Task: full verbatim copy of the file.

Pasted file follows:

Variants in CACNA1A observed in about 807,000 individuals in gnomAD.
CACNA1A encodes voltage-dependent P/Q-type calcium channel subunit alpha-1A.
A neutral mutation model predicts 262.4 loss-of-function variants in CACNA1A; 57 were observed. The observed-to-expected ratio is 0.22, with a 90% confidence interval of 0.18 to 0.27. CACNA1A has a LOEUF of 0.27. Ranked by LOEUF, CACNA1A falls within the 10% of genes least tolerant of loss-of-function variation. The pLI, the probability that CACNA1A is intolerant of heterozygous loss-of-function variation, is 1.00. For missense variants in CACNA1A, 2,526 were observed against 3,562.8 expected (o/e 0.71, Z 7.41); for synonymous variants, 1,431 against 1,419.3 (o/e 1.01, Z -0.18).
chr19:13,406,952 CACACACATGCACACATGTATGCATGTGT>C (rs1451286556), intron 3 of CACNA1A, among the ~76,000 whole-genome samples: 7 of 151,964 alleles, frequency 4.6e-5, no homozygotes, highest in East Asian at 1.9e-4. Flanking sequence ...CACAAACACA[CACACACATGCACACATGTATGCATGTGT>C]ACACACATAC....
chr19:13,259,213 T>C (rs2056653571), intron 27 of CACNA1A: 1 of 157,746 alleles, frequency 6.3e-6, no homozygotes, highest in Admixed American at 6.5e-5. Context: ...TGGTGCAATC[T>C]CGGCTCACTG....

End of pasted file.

Variants in CACNA1A observed in about 807,000 individuals in gnomAD.
CACNA1A encodes voltage-dependent P/Q-type calcium channel subunit alpha-1A.
A neutral mutation model predicts 262.4 loss-of-function variants in CACNA1A; 57 were observed. The observed-to-expected ratio is 0.22, with a 90% confidence interval of 0.18 to 0.27. CACNA1A has a LOEUF of 0.27. Ranked by LOEUF, CACNA1A falls within the 10% of genes least tolerant of loss-of-function variation. The pLI, the probability that CACNA1A is intolerant of heterozygous loss-of-function variation, is 1.00. For missense variants in CACNA1A, 2,526 were observed against 3,562.8 expected (o/e 0.71, Z 7.41); for synonymous variants, 1,431 against 1,419.3 (o/e 1.01, Z -0.18).
chr19:13,406,952 CACACACATGCACACATGTATGCATGTGT>C (rs1451286556), intron 3 of CACNA1A, among the ~76,000 whole-genome samples: 7 of 151,964 alleles, frequency 4.6e-5, no homozygotes, highest in East Asian at 1.9e-4. Flanking sequence ...CACAAACACA[CACACACATGCACACATGTATGCATGTGT>C]ACACACATAC....
chr19:13,259,213 T>C (rs2056653571), intron 27 of CACNA1A: 1 of 157,746 alleles, frequency 6.3e-6, no homozygotes, highest in Admixed American at 6.5e-5. Context: ...TGGTGCAATC[T>C]CGGCTCACTG....